Road crash victims rise in 2018
The number of road crash victims rose in 2018, it was revealed yesterday.
The Bermuda Hospitals Board said statistics showed that 1,740 people were taken to hospital with roads injuries last year — 50, or 2.95 per cent, up on the 1,685 recorded in 2017.
The number of deaths dropped by three in 2018 — down to 12 from the 15 recorded the year before, but one up on the 11 in 2016.
The news led road safety campaigners to renew calls for speed cameras to be introduced and better training for the roads for new motorcycle riders.
The figures, however, showed a drop in the monthly injury rates in the last four months of 2018, including a dramatic drop after roadside breath tests were introduced last September.
And injuries appeared to be less serious as the number of victims who needed treatment in intensive care also fell by six from the 28 recorded in 2017.
A total of 33 road accidents victims were treated in intensive care in 2016.
The overall rise in injury numbers came despite The Royal Gazette’s Drive for Change campaign and the introduction of roadside breath tests.
Chief Inspector Robert Cardwell, the former head of the police traffic unit, said yesterday that drink-driving was only part of the problem.
He said driving under the influence of drugs, driving at excessive speed and careless driving also had a big impact.
Mr Cardwell said: “We have so many things that contribute to the problems.
“We have got a little feather in our cap because we have implemented impaired-driving regulations and legislation but we still need to move forward with the other things that affect collisions.
“Speed and impaired driving are certainly a big factor in our fatal collisions — sometimes it is both combined. The island does need to slow down and legislation can help with that.”
Mr Cardwell has also campaigned for better roads training including on-road lessons.
The Royal Gazette launched Drive for Change in January last year to campaign for roadside breath tests, better speed control measures and more training for new road users.
The first roadside breath test checkpoints were set up on September 21 after new legislation was approved by the Governor in July.
In June, July and August last year, the number of people taken to hospital in the three months from June to August was 190, 196 and 189 respectively.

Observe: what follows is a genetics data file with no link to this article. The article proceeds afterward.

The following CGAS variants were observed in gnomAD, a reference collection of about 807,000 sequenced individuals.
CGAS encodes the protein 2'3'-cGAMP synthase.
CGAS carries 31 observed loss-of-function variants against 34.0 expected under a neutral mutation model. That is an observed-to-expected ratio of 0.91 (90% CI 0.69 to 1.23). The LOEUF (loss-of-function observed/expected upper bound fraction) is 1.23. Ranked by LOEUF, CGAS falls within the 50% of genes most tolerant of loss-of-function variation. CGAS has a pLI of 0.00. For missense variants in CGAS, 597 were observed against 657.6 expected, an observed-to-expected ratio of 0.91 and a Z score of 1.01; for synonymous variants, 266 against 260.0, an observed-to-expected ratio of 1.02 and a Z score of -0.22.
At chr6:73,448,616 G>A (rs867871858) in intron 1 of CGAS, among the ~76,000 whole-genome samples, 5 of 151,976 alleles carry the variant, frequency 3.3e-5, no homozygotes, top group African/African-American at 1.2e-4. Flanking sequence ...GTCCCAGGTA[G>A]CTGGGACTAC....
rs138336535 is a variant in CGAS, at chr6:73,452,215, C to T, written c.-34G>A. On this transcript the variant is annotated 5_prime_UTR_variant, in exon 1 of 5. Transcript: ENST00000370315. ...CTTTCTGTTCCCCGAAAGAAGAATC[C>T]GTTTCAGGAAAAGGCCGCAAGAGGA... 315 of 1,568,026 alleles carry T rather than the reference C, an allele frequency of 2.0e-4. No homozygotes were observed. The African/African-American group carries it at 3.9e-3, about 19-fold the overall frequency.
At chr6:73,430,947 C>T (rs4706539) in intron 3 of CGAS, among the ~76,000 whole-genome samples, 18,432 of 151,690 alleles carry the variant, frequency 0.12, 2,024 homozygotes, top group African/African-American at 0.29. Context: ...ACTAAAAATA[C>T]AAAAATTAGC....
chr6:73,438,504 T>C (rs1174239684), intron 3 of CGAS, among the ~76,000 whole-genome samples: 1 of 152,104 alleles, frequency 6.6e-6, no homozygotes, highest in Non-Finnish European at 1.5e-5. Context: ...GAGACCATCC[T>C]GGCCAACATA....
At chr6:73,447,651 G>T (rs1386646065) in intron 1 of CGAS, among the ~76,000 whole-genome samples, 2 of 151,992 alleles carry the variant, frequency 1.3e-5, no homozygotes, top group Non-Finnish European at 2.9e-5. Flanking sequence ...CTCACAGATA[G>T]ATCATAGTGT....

But the number dropped to 126 in September.
Figures showed that 516 people were taken to hospital during the final four months of last year, compared with 541 for the same period in 2017, a decrease of 25, or 4.6 per cent.
But Mr Cardwell said that more time was needed to judge the effect of the new breath test laws.
He added: “I would like to say that the checkpoints are starting to have an impact, but we can’t evidence that in this short time frame.
“We need something more conclusive to show that this is happening.”
Mr Cardwell explained: “June, July and August are our social months and the numbers tend to creep up. There were major increase in tourists this year attributed to our cruise ship season, which went later.”
Shari-Lynn Pringle, campaign manager for road safety group A Piece of the Rock, backed Mr Cardwell.
She said: “It’s going to take probably a few more years before we start to see a dramatic decrease.
“I think we need more consistency, meaning we just need to keep getting the message out.
“Speed cameras have been talked about and if they can be implemented and prove effective then that will help.
“But right now we just have to keep pushing home the messages that the various campaigns are trying to send out and hope that everybody at least takes it upon themselves to be a little bit more responsible on the roads.”
Ms Pringle added that the group was “adamant” that a graduated licensing programme should be set up as well to run alongside the road safety training programme Project Ride.
Anthony Santucci, executive director for anti-substance abuse charity Cada, said the organisation would continue to push for improved laws, including speed cameras and upgrades to the TCD training programme.
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